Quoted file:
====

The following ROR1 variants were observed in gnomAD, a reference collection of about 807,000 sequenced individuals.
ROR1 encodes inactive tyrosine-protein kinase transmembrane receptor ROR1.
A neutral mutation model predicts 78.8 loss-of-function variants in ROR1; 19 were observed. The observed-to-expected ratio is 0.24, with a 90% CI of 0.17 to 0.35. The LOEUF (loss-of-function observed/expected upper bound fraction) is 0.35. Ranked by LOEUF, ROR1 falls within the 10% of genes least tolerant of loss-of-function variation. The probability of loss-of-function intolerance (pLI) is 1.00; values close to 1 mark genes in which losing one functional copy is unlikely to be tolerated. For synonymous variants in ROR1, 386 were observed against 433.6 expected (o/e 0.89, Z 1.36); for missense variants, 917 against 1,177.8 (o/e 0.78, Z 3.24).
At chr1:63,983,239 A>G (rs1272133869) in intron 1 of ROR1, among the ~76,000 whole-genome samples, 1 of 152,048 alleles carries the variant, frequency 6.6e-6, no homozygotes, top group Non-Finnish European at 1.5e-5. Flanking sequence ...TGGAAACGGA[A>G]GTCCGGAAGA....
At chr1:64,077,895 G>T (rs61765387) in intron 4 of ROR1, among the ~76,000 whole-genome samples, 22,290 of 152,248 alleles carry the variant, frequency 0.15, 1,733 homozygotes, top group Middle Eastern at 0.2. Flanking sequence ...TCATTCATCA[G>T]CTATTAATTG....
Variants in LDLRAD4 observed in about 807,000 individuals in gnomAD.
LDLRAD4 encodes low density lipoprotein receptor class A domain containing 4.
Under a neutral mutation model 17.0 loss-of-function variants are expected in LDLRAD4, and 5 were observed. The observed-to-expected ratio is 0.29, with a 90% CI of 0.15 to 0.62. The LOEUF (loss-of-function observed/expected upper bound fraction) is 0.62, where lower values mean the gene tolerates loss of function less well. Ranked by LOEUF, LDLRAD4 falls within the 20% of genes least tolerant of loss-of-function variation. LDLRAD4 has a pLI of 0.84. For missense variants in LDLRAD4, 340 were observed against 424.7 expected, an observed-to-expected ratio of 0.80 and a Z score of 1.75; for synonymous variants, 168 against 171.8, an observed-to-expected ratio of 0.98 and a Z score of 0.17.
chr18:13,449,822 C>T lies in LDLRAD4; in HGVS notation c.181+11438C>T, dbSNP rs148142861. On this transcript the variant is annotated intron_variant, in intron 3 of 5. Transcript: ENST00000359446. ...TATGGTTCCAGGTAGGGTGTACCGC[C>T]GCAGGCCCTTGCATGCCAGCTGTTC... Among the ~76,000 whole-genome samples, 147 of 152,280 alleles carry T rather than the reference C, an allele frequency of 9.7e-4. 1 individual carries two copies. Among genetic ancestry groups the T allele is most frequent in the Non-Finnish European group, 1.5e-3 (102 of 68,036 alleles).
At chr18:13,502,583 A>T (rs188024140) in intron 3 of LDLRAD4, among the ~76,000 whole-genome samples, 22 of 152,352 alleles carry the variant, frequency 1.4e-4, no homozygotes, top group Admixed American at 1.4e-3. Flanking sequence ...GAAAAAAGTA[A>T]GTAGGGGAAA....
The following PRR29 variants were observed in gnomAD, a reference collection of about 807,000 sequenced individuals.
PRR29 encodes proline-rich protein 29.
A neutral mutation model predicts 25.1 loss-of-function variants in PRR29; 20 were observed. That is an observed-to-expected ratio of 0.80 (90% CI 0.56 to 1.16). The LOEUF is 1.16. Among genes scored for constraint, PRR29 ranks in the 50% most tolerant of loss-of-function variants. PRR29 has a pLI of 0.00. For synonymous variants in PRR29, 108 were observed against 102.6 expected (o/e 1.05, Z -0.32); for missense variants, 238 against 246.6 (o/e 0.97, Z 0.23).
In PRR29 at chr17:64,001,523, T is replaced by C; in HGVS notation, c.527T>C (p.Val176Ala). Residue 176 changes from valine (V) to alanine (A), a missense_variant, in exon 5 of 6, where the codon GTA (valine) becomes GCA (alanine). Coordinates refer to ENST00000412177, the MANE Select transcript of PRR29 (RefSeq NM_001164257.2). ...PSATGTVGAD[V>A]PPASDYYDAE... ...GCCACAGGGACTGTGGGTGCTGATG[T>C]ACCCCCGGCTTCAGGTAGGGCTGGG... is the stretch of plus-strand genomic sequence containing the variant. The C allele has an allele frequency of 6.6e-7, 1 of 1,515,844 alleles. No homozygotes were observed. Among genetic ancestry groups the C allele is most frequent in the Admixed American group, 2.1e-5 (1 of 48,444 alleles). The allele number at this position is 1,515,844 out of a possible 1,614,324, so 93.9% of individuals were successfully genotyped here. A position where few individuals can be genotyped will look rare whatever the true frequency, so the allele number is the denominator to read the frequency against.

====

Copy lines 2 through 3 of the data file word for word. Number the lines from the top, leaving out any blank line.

ROR1 encodes inactive tyrosine-protein kinase transmembrane receptor ROR1.
A neutral mutation model predicts 78.8 loss-of-function variants in ROR1; 19 were observed. The observed-to-expected ratio is 0.24, with a 90% CI of 0.17 to 0.35. The LOEUF (loss-of-function observed/expected upper bound fraction) is 0.35. Ranked by LOEUF, ROR1 falls within the 10% of genes least tolerant of loss-of-function variation. The probability of loss-of-function intolerance (pLI) is 1.00; values close to 1 mark genes in which losing one functional copy is unlikely to be tolerated. For synonymous variants in ROR1, 386 were observed against 433.6 expected (o/e 0.89, Z 1.36); for missense variants, 917 against 1,177.8 (o/e 0.78, Z 3.24).